I am not a “Salesman”

For two decades, my primary professional role was Sales. Yes, I did marketing as well, and some biz dev strategic stuff, and some management, but my primary role was getting business.

I succeeded. And never felt comfortable doing it.

used-car-salesmanI’d see “real” salespeople – folks who could establish rapport at the drop of the hat, or relentlessly drive a deal to its conclusion, or blast past yearly quotas by July, and I’d feel thoroughly inferior. Yet there I was, in Sales (ummm…high-end healthcare stuff, not like the guy you see over to the right!)

Over time, I came to realize that my discomfort stemmed from a mis-match – pushing a product, or hitting numbers, or winning a deal, simply didn’t drive me. I want to help people. I want to think things through, and solve problems. I care more about telling the truth than making the sale. I am an analyzer, not a promoter; a native introvert, not a schmoozer.

But, people bought from me because they trusted me. So I succeeded anyway. Until hitting the wall and finally admitting to myself, “I’m not a Salesman.”

This was a liberating realization. Now I could be free to tap into what I truly was – a problem solver. A resource-finder. A connector. A consultant. And I decided to go off on my own and create my own job/role/company built around precisely those things.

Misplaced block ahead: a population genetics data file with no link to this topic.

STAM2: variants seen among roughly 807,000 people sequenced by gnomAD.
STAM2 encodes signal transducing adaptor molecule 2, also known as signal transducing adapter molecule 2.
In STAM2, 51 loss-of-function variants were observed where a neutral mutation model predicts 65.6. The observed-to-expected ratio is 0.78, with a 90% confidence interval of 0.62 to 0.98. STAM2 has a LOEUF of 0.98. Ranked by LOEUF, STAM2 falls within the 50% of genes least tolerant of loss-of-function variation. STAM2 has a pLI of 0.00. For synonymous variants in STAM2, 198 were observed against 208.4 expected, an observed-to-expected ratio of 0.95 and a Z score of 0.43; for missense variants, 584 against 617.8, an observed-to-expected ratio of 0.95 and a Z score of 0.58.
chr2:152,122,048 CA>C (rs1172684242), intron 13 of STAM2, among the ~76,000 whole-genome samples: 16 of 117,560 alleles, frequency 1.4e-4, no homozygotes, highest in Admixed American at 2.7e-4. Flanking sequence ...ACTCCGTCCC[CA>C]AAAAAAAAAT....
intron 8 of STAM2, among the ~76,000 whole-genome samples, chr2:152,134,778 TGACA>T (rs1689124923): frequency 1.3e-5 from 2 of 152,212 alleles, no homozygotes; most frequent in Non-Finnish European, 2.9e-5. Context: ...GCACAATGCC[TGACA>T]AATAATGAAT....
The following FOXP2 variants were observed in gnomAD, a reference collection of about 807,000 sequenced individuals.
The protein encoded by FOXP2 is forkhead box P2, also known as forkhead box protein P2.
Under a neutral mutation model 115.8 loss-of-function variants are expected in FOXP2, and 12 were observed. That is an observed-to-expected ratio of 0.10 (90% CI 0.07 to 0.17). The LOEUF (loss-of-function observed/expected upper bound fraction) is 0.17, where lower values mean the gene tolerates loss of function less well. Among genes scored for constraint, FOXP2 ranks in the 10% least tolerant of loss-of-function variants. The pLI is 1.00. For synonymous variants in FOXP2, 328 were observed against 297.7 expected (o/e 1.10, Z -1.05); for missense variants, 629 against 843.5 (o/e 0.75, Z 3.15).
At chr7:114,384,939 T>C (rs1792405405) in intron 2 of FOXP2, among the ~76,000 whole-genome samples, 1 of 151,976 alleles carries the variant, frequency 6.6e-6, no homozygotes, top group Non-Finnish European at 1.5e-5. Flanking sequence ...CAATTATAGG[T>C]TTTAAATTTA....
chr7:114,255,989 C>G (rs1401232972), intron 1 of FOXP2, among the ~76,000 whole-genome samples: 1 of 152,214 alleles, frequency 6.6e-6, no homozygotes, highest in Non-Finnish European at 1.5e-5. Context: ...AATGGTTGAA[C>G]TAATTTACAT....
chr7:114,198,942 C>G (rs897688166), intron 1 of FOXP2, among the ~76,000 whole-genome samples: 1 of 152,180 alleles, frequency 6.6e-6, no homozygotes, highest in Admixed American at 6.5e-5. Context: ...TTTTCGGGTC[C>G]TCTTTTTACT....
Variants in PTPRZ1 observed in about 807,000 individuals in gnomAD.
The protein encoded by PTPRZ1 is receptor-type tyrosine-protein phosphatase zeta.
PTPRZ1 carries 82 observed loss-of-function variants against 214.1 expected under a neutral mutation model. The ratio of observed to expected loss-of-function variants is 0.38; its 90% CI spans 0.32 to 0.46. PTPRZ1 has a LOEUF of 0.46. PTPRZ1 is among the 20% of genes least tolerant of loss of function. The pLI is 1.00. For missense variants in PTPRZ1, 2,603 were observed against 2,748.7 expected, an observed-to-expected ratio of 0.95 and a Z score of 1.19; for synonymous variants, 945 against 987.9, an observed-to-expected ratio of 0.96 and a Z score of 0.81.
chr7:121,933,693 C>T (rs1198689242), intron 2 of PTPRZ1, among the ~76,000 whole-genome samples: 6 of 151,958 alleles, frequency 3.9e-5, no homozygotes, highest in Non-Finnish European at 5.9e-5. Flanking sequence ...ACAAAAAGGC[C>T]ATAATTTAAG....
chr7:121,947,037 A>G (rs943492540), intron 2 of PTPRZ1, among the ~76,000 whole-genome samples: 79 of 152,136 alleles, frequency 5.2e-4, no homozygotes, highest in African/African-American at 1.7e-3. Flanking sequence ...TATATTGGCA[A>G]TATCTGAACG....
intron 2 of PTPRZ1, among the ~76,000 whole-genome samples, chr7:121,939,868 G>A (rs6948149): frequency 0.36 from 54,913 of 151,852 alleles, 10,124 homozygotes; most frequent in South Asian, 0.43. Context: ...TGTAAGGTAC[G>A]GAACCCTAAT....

Can I sell? Actually, yes. I can be very persuasive. People listen to me and follow my advice – not because I’m a promoter, but because I’m a listener and a problem-solver. And is there a place in this shark-infested business world for someone who wants to help other people, for someone who cares about doing what’s right, for someone who wants to build a network in order to do good?

Yes, there is. And that’s why I’m sharing this. Are you mis-matched in your role, driven by something other than what that job requires? Get honest – don’t be afraid to look in the mirror and say, “I’m not a….” Then work on identifying who/what you really are, what your value-add truly is.

Perhaps you can make a new professional life for yourself. It’s worth the effort, time, and risk. And if you do it, let me know if I’ve “sold” you!

(Image source)

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